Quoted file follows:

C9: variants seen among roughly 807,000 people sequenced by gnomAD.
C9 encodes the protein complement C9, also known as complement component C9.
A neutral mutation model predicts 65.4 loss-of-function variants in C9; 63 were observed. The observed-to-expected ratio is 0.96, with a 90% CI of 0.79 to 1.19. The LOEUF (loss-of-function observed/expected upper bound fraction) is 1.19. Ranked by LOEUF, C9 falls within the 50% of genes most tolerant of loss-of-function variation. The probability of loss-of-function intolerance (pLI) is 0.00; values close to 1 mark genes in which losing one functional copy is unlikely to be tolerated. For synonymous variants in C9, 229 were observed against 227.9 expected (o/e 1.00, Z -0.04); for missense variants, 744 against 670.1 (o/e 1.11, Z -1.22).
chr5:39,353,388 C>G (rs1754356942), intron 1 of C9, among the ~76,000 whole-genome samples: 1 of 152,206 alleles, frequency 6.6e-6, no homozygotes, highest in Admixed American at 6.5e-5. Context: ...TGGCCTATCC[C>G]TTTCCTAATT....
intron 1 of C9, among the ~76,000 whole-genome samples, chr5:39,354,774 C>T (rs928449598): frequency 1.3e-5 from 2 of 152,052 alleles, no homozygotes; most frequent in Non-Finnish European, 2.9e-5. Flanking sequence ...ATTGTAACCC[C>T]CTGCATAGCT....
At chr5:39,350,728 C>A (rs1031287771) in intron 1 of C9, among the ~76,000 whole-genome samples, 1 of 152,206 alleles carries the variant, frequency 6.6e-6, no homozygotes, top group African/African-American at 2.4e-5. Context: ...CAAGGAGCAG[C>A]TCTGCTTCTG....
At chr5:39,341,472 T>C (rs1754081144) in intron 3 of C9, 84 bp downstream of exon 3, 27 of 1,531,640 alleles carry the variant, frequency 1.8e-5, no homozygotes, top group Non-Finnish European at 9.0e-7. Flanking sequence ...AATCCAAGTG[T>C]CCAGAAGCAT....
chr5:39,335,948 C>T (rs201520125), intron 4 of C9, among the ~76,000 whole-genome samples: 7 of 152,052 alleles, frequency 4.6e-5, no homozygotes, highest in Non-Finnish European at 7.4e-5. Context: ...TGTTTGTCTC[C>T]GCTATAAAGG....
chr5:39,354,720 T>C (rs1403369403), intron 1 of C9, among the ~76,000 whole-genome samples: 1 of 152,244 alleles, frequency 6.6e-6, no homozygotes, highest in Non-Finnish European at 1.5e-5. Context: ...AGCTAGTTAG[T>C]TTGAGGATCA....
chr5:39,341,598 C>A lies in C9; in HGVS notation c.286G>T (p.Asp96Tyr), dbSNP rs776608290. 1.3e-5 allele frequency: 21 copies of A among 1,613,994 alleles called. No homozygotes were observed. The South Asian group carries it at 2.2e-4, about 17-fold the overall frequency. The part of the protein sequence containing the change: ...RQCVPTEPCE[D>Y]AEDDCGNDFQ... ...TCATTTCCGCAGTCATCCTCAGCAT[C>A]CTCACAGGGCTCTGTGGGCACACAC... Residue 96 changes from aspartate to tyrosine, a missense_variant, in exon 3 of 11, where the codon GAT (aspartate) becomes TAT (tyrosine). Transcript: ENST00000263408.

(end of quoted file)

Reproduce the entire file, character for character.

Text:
C9: variants seen among roughly 807,000 people sequenced by gnomAD.
C9 encodes the protein complement C9, also known as complement component C9.
A neutral mutation model predicts 65.4 loss-of-function variants in C9; 63 were observed. The observed-to-expected ratio is 0.96, with a 90% CI of 0.79 to 1.19. The LOEUF (loss-of-function observed/expected upper bound fraction) is 1.19. Ranked by LOEUF, C9 falls within the 50% of genes most tolerant of loss-of-function variation. The probability of loss-of-function intolerance (pLI) is 0.00; values close to 1 mark genes in which losing one functional copy is unlikely to be tolerated. For synonymous variants in C9, 229 were observed against 227.9 expected (o/e 1.00, Z -0.04); for missense variants, 744 against 670.1 (o/e 1.11, Z -1.22).
chr5:39,353,388 C>G (rs1754356942), intron 1 of C9, among the ~76,000 whole-genome samples: 1 of 152,206 alleles, frequency 6.6e-6, no homozygotes, highest in Admixed American at 6.5e-5. Context: ...TGGCCTATCC[C>G]TTTCCTAATT....
intron 1 of C9, among the ~76,000 whole-genome samples, chr5:39,354,774 C>T (rs928449598): frequency 1.3e-5 from 2 of 152,052 alleles, no homozygotes; most frequent in Non-Finnish European, 2.9e-5. Flanking sequence ...ATTGTAACCC[C>T]CTGCATAGCT....
At chr5:39,350,728 C>A (rs1031287771) in intron 1 of C9, among the ~76,000 whole-genome samples, 1 of 152,206 alleles carries the variant, frequency 6.6e-6, no homozygotes, top group African/African-American at 2.4e-5. Context: ...CAAGGAGCAG[C>A]TCTGCTTCTG....
At chr5:39,341,472 T>C (rs1754081144) in intron 3 of C9, 84 bp downstream of exon 3, 27 of 1,531,640 alleles carry the variant, frequency 1.8e-5, no homozygotes, top group Non-Finnish European at 9.0e-7. Flanking sequence ...AATCCAAGTG[T>C]CCAGAAGCAT....
chr5:39,335,948 C>T (rs201520125), intron 4 of C9, among the ~76,000 whole-genome samples: 7 of 152,052 alleles, frequency 4.6e-5, no homozygotes, highest in Non-Finnish European at 7.4e-5. Context: ...TGTTTGTCTC[C>T]GCTATAAAGG....
chr5:39,354,720 T>C (rs1403369403), intron 1 of C9, among the ~76,000 whole-genome samples: 1 of 152,244 alleles, frequency 6.6e-6, no homozygotes, highest in Non-Finnish European at 1.5e-5. Context: ...AGCTAGTTAG[T>C]TTGAGGATCA....
chr5:39,341,598 C>A lies in C9; in HGVS notation c.286G>T (p.Asp96Tyr), dbSNP rs776608290. 1.3e-5 allele frequency: 21 copies of A among 1,613,994 alleles called. No homozygotes were observed. The South Asian group carries it at 2.2e-4, about 17-fold the overall frequency. The part of the protein sequence containing the change: ...RQCVPTEPCE[D>Y]AEDDCGNDFQ... ...TCATTTCCGCAGTCATCCTCAGCAT[C>A]CTCACAGGGCTCTGTGGGCACACAC... Residue 96 changes from aspartate to tyrosine, a missense_variant, in exon 3 of 11, where the codon GAT (aspartate) becomes TAT (tyrosine). Transcript: ENST00000263408.